By Stephen Miller
Debate over the persistent pay disparity between men and women isn't likely to abate anytime soon, but a new study sheds light on the issue—or perhaps tosses more fuel on the fire.
Motherhood is the culprit behind unexplained but significant wage losses for working women in North America, according to the TD Economics report, Career Interrupted—The Economic Impact of Motherhood. The report suggest this "motherhood gap" in wages largely occurs because of wage penalties mothers experience each time they exit and re-enter the workforce.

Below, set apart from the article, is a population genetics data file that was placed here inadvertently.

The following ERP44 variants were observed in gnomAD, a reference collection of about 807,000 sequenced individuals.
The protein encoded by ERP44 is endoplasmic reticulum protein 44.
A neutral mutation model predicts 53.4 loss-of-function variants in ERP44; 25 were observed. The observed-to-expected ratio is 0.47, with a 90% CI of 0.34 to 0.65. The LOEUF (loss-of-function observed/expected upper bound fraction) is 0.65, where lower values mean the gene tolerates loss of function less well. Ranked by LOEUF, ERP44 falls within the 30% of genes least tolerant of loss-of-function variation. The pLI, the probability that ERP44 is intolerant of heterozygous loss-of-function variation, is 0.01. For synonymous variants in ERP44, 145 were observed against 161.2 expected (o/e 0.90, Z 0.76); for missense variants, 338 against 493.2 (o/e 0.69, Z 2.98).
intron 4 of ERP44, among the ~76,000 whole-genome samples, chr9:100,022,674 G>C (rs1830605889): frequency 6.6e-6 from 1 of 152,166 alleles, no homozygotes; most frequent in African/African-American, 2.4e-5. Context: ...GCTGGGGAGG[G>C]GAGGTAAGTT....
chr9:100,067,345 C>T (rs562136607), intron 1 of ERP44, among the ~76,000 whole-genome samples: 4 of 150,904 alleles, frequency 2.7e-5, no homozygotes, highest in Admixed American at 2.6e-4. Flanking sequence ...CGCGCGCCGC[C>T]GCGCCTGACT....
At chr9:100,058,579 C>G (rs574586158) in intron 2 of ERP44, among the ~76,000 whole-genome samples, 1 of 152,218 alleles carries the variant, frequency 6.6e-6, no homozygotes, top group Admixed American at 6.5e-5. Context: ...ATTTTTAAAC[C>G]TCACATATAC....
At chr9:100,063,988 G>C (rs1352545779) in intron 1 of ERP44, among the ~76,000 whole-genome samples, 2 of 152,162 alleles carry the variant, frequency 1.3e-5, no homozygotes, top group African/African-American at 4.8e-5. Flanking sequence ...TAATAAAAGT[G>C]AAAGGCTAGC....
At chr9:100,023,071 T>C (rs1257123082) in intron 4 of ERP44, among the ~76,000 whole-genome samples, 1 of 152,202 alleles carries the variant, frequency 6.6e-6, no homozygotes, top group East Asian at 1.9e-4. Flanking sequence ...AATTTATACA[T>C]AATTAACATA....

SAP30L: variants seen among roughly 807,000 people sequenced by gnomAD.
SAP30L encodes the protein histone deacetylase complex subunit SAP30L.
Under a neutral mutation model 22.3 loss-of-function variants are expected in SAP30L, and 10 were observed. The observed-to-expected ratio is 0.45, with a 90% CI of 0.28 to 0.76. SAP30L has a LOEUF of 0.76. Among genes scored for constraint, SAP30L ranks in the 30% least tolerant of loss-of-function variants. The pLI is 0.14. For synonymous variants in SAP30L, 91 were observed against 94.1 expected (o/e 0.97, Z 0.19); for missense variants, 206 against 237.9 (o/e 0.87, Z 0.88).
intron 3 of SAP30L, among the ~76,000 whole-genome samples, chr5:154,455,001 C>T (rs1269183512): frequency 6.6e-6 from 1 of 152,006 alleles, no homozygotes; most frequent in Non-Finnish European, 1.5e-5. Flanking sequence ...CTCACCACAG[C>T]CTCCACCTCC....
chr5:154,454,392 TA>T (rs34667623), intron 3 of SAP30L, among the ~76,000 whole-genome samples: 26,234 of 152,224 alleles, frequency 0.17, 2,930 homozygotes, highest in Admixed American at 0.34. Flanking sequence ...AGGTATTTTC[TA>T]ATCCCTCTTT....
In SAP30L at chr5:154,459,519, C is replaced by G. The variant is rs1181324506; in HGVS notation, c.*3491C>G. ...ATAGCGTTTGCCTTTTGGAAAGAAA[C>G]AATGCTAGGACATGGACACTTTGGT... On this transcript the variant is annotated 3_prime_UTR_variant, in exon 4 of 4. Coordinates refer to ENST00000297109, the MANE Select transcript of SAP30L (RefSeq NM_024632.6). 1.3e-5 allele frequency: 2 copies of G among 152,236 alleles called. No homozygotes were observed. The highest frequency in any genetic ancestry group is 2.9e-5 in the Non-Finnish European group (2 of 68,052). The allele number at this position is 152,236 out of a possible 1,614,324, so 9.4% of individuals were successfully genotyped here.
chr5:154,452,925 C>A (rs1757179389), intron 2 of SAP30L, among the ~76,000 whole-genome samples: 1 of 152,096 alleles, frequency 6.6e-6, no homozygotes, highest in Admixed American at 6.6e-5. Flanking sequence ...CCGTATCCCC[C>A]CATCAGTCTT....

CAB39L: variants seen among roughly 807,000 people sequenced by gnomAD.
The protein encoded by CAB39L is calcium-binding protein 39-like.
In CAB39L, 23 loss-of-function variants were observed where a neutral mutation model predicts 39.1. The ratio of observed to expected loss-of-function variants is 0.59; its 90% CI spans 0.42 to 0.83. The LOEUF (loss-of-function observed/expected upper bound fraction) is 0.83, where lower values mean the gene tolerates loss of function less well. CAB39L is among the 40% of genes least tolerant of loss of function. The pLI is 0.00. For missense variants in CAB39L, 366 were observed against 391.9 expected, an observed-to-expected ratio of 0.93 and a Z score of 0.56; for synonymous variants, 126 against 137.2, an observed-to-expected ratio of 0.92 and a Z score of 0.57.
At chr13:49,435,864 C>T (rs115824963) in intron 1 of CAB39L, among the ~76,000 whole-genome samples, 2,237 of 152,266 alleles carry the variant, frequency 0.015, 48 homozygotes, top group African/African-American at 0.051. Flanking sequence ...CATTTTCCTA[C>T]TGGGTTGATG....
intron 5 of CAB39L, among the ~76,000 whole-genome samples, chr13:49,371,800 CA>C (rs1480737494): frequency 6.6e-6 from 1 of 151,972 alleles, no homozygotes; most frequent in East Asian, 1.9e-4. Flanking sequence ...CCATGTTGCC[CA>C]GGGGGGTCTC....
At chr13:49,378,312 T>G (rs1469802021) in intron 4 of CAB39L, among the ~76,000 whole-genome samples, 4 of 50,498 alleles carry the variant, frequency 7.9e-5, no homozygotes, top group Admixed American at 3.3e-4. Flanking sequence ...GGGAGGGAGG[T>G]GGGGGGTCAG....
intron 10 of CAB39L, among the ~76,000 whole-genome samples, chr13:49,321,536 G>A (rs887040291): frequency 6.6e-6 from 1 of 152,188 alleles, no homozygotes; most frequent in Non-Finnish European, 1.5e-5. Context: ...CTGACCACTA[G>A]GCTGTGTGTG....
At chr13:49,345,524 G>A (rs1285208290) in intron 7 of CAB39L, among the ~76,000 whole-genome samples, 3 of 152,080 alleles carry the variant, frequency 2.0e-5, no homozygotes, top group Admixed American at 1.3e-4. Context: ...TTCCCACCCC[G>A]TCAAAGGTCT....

"Previous studies on wage differences by gender have found that roughly half of an observed 20 percent gender gap cannot be explained by the usual factors that drive wages, such as experience, hours worked, occupation, industry, age and the like," said report co-author Beata Caranci, deputy chief economist at TD Economics. "The research leads us to conclude that exits from the labor force, most often related to family or motherhood—not gender—are the culprit behind this 'unexplained' wage gap."
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